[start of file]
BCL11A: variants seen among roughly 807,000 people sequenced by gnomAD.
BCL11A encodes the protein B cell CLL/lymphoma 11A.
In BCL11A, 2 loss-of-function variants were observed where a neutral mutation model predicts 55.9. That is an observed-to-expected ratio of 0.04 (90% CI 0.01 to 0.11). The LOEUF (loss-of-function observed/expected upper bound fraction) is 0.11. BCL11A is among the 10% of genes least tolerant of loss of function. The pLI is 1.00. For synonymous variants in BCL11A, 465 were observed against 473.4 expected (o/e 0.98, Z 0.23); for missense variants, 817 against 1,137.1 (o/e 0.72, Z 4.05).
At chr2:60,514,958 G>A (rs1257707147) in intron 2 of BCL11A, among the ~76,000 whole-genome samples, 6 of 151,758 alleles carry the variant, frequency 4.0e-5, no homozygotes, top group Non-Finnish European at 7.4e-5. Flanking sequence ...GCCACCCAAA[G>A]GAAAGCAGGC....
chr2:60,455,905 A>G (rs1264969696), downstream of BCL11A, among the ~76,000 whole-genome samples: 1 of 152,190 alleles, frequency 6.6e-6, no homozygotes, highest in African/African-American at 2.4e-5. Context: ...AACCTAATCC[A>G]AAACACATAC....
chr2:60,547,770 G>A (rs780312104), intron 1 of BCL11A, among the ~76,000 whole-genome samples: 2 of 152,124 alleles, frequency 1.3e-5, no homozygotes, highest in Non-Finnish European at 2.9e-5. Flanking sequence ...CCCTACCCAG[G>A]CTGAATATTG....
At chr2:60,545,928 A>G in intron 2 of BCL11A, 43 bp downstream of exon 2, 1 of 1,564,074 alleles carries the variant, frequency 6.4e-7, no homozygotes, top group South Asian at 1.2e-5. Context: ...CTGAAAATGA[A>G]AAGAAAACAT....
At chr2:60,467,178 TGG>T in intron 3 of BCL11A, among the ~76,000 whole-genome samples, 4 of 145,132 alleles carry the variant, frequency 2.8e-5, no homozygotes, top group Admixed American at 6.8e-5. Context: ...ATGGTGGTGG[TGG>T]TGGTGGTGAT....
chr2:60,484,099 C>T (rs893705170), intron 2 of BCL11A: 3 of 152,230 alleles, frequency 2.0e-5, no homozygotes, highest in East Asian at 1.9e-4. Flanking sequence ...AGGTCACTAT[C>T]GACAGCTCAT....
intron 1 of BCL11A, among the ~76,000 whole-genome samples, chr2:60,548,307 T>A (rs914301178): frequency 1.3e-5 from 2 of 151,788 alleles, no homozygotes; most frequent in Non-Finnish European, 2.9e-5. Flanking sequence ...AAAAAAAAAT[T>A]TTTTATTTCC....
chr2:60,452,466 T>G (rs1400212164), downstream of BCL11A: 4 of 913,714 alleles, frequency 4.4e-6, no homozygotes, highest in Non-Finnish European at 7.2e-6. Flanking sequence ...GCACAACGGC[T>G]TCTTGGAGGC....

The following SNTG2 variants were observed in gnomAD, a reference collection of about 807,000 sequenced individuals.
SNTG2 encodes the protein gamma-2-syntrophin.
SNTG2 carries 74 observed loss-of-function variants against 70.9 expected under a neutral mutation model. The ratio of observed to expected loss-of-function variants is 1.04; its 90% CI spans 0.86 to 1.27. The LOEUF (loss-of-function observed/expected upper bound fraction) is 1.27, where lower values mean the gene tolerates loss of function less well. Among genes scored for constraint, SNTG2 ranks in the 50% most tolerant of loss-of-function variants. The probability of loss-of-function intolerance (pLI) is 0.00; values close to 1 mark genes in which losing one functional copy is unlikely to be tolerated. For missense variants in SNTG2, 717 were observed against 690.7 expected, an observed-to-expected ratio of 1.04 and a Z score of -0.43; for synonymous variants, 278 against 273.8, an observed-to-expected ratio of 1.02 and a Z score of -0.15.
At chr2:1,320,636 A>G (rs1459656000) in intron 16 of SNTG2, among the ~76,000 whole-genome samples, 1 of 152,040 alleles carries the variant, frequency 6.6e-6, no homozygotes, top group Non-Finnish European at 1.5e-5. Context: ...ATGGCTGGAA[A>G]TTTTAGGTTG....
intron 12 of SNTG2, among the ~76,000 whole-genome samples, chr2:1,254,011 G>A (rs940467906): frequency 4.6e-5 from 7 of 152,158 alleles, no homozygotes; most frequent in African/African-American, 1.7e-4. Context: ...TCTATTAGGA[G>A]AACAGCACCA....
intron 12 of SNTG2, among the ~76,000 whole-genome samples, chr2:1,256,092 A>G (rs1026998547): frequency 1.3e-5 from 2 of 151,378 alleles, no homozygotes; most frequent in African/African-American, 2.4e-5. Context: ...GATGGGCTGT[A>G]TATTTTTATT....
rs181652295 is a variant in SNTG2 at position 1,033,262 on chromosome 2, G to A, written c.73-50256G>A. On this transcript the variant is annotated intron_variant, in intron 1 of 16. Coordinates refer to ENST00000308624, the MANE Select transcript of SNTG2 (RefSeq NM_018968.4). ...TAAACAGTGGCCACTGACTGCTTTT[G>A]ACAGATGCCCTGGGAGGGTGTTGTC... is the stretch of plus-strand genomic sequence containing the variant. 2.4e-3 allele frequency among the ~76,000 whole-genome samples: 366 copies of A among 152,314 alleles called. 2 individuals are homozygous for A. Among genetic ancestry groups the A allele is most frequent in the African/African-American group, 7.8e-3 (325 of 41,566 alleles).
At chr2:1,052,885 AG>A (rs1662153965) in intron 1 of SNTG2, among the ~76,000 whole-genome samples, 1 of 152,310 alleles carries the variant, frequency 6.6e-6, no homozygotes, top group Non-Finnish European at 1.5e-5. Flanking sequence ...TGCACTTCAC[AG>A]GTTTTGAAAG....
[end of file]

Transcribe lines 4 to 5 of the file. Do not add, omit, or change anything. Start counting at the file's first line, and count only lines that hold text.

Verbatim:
At chr2:60,514,958 G>A (rs1257707147) in intron 2 of BCL11A, among the ~76,000 whole-genome samples, 6 of 151,758 alleles carry the variant, frequency 4.0e-5, no homozygotes, top group Non-Finnish European at 7.4e-5. Flanking sequence ...GCCACCCAAA[G>A]GAAAGCAGGC....
chr2:60,455,905 A>G (rs1264969696), downstream of BCL11A, among the ~76,000 whole-genome samples: 1 of 152,190 alleles, frequency 6.6e-6, no homozygotes, highest in African/African-American at 2.4e-5. Context: ...AACCTAATCC[A>G]AAACACATAC....